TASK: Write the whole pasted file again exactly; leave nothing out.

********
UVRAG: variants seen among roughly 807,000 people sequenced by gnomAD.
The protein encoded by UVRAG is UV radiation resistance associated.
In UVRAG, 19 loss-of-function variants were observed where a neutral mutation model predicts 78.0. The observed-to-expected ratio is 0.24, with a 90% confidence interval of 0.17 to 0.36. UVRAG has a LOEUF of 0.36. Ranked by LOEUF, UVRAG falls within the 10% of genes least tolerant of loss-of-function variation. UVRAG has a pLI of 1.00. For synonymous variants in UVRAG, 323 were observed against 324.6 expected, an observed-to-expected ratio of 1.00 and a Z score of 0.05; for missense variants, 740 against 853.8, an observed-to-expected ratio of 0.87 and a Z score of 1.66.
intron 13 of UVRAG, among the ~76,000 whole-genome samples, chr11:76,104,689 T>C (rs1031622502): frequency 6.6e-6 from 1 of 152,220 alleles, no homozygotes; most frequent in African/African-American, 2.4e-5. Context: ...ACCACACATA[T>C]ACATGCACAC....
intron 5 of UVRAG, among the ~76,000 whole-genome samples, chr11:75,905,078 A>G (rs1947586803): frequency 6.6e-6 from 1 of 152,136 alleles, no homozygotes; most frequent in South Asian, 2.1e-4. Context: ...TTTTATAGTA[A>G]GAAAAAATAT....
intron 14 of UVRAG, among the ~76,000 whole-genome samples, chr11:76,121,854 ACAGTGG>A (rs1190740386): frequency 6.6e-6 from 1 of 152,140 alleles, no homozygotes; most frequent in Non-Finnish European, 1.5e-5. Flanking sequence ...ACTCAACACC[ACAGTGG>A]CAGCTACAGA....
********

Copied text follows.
UVRAG: variants seen among roughly 807,000 people sequenced by gnomAD.
The protein encoded by UVRAG is UV radiation resistance associated.
In UVRAG, 19 loss-of-function variants were observed where a neutral mutation model predicts 78.0. The observed-to-expected ratio is 0.24, with a 90% confidence interval of 0.17 to 0.36. UVRAG has a LOEUF of 0.36. Ranked by LOEUF, UVRAG falls within the 10% of genes least tolerant of loss-of-function variation. UVRAG has a pLI of 1.00. For synonymous variants in UVRAG, 323 were observed against 324.6 expected, an observed-to-expected ratio of 1.00 and a Z score of 0.05; for missense variants, 740 against 853.8, an observed-to-expected ratio of 0.87 and a Z score of 1.66.
intron 13 of UVRAG, among the ~76,000 whole-genome samples, chr11:76,104,689 T>C (rs1031622502): frequency 6.6e-6 from 1 of 152,220 alleles, no homozygotes; most frequent in African/African-American, 2.4e-5. Context: ...ACCACACATA[T>C]ACATGCACAC....
intron 5 of UVRAG, among the ~76,000 whole-genome samples, chr11:75,905,078 A>G (rs1947586803): frequency 6.6e-6 from 1 of 152,136 alleles, no homozygotes; most frequent in South Asian, 2.1e-4. Context: ...TTTTATAGTA[A>G]GAAAAAATAT....
intron 14 of UVRAG, among the ~76,000 whole-genome samples, chr11:76,121,854 ACAGTGG>A (rs1190740386): frequency 6.6e-6 from 1 of 152,140 alleles, no homozygotes; most frequent in Non-Finnish European, 1.5e-5. Flanking sequence ...ACTCAACACC[ACAGTGG>A]CAGCTACAGA....